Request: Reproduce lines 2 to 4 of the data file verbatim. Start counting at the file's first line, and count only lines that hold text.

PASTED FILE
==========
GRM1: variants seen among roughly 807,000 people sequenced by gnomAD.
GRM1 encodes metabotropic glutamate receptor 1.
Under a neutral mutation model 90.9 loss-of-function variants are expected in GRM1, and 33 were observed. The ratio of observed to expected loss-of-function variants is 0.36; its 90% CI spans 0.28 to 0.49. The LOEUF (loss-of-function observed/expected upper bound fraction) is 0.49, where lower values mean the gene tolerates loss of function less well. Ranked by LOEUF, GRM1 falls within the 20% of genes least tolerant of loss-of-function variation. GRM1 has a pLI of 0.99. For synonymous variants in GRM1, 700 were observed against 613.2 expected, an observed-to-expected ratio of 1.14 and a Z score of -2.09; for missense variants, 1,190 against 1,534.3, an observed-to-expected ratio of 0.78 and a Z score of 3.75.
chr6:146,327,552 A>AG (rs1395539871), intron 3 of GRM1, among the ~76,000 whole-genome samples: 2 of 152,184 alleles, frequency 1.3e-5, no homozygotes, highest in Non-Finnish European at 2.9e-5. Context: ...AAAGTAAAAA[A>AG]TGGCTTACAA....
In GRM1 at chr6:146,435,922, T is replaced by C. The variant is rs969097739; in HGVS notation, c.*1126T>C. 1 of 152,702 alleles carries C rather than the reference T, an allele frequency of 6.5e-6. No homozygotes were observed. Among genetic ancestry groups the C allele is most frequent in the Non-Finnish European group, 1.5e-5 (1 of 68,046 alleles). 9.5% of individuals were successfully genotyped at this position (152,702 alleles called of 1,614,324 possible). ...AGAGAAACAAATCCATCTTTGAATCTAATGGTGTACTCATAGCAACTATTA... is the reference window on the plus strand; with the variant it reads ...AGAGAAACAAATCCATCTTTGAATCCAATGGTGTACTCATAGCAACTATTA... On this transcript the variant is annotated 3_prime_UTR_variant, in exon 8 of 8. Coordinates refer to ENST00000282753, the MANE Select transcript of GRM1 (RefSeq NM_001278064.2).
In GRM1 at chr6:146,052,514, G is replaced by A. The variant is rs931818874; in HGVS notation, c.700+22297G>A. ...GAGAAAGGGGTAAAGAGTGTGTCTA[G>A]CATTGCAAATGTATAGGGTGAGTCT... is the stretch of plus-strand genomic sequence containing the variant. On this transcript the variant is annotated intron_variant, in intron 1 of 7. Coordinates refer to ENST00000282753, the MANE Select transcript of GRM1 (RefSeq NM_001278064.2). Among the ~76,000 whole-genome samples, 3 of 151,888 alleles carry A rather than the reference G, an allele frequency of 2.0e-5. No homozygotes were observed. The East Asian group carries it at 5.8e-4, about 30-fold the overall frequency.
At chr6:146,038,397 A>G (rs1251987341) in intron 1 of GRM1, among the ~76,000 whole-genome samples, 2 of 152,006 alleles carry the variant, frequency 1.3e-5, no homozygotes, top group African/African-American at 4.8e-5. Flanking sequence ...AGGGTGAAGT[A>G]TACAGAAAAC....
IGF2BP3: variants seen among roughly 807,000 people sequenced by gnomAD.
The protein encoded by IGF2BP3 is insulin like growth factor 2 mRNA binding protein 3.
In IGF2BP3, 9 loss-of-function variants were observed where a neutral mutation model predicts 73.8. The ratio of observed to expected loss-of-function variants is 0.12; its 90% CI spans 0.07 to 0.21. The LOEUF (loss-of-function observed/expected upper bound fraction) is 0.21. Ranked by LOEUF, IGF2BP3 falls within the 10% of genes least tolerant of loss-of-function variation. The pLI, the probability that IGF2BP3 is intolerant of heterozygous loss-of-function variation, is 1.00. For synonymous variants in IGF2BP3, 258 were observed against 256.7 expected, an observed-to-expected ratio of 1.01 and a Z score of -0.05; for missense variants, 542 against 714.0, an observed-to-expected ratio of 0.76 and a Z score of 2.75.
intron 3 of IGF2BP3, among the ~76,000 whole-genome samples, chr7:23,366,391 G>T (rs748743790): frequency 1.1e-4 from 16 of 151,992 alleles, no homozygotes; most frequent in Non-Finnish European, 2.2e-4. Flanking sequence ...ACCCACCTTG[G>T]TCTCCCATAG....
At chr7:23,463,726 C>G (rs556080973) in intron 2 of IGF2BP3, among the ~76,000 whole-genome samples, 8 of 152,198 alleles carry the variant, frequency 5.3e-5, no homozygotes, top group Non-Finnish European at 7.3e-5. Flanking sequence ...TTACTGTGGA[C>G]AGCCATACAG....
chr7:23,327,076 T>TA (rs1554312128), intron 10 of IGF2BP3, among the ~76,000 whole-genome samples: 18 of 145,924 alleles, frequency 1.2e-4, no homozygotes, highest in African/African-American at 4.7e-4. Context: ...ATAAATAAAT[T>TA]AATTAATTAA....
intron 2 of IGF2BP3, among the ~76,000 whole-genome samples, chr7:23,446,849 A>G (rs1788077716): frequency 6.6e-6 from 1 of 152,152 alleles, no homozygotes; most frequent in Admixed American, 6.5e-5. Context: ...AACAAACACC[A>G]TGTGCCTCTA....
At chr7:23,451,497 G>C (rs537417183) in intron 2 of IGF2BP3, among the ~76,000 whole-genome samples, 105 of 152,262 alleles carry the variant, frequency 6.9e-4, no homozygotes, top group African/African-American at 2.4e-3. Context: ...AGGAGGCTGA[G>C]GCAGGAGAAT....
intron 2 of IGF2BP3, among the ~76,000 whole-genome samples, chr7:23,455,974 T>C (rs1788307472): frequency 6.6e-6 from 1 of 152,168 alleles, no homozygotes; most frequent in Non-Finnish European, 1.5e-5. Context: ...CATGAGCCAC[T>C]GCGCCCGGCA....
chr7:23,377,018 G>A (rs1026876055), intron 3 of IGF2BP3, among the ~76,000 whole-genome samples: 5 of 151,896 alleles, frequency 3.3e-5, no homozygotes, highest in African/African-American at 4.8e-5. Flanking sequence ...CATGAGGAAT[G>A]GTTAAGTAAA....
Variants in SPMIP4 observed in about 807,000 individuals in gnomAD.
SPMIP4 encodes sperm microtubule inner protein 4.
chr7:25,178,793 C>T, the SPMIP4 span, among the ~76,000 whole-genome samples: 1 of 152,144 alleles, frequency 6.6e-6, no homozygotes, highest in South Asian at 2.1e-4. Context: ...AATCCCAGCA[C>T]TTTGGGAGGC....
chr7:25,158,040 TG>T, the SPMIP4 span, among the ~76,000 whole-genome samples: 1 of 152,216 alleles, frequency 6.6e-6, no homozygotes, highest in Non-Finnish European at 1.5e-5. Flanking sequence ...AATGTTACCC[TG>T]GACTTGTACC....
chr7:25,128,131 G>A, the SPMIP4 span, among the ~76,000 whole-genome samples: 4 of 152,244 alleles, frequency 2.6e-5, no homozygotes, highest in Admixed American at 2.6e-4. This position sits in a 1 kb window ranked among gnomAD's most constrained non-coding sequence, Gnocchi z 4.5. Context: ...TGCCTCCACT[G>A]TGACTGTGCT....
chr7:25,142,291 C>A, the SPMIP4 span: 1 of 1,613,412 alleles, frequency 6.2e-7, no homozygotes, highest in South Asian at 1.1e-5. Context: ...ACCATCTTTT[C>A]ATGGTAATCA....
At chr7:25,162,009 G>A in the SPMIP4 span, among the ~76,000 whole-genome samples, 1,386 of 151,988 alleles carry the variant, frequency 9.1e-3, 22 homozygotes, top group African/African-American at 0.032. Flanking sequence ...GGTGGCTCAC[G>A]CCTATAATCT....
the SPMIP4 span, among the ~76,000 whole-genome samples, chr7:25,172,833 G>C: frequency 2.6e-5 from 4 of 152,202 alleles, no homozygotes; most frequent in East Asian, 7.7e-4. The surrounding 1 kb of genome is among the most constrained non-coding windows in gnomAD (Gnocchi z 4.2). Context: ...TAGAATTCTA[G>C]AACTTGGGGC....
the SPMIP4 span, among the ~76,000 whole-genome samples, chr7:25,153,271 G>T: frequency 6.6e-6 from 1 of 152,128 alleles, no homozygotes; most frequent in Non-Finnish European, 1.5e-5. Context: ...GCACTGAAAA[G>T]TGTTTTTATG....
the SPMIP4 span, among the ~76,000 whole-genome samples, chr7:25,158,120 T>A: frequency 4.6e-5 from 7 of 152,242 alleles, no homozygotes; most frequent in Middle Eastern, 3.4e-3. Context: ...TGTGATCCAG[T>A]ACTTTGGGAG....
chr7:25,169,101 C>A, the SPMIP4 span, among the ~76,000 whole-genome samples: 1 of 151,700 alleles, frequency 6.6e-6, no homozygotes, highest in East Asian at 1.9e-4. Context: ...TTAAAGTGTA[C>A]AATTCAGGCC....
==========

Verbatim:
GRM1 encodes metabotropic glutamate receptor 1.
Under a neutral mutation model 90.9 loss-of-function variants are expected in GRM1, and 33 were observed. The ratio of observed to expected loss-of-function variants is 0.36; its 90% CI spans 0.28 to 0.49. The LOEUF (loss-of-function observed/expected upper bound fraction) is 0.49, where lower values mean the gene tolerates loss of function less well. Ranked by LOEUF, GRM1 falls within the 20% of genes least tolerant of loss-of-function variation. GRM1 has a pLI of 0.99. For synonymous variants in GRM1, 700 were observed against 613.2 expected, an observed-to-expected ratio of 1.14 and a Z score of -2.09; for missense variants, 1,190 against 1,534.3, an observed-to-expected ratio of 0.78 and a Z score of 3.75.
chr6:146,327,552 A>AG (rs1395539871), intron 3 of GRM1, among the ~76,000 whole-genome samples: 2 of 152,184 alleles, frequency 1.3e-5, no homozygotes, highest in Non-Finnish European at 2.9e-5. Context: ...AAAGTAAAAA[A>AG]TGGCTTACAA....